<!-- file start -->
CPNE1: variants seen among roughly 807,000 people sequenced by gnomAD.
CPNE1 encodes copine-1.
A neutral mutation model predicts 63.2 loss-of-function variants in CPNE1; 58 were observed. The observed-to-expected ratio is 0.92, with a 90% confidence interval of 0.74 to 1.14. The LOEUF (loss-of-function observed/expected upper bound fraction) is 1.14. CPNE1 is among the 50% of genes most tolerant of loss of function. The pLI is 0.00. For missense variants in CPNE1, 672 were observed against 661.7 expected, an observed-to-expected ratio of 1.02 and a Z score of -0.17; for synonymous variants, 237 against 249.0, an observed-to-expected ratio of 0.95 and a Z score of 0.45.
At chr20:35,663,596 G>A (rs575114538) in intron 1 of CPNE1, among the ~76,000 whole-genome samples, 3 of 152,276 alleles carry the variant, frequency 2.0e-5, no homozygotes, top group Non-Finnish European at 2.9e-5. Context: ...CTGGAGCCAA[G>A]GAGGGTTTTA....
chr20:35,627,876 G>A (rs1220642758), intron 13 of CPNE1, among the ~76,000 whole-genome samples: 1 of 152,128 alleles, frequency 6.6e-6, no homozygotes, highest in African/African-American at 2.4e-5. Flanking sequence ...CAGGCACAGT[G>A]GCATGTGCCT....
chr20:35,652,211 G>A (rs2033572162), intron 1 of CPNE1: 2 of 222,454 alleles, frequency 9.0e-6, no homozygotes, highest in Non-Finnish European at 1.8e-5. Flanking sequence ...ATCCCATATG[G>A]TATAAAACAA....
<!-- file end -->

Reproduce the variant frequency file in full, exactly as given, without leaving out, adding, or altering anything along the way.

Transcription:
CPNE1: variants seen among roughly 807,000 people sequenced by gnomAD.
CPNE1 encodes copine-1.
A neutral mutation model predicts 63.2 loss-of-function variants in CPNE1; 58 were observed. The observed-to-expected ratio is 0.92, with a 90% confidence interval of 0.74 to 1.14. The LOEUF (loss-of-function observed/expected upper bound fraction) is 1.14. CPNE1 is among the 50% of genes most tolerant of loss of function. The pLI is 0.00. For missense variants in CPNE1, 672 were observed against 661.7 expected, an observed-to-expected ratio of 1.02 and a Z score of -0.17; for synonymous variants, 237 against 249.0, an observed-to-expected ratio of 0.95 and a Z score of 0.45.
At chr20:35,663,596 G>A (rs575114538) in intron 1 of CPNE1, among the ~76,000 whole-genome samples, 3 of 152,276 alleles carry the variant, frequency 2.0e-5, no homozygotes, top group Non-Finnish European at 2.9e-5. Context: ...CTGGAGCCAA[G>A]GAGGGTTTTA....
chr20:35,627,876 G>A (rs1220642758), intron 13 of CPNE1, among the ~76,000 whole-genome samples: 1 of 152,128 alleles, frequency 6.6e-6, no homozygotes, highest in African/African-American at 2.4e-5. Flanking sequence ...CAGGCACAGT[G>A]GCATGTGCCT....
chr20:35,652,211 G>A (rs2033572162), intron 1 of CPNE1: 2 of 222,454 alleles, frequency 9.0e-6, no homozygotes, highest in Non-Finnish European at 1.8e-5. Flanking sequence ...ATCCCATATG[G>A]TATAAAACAA....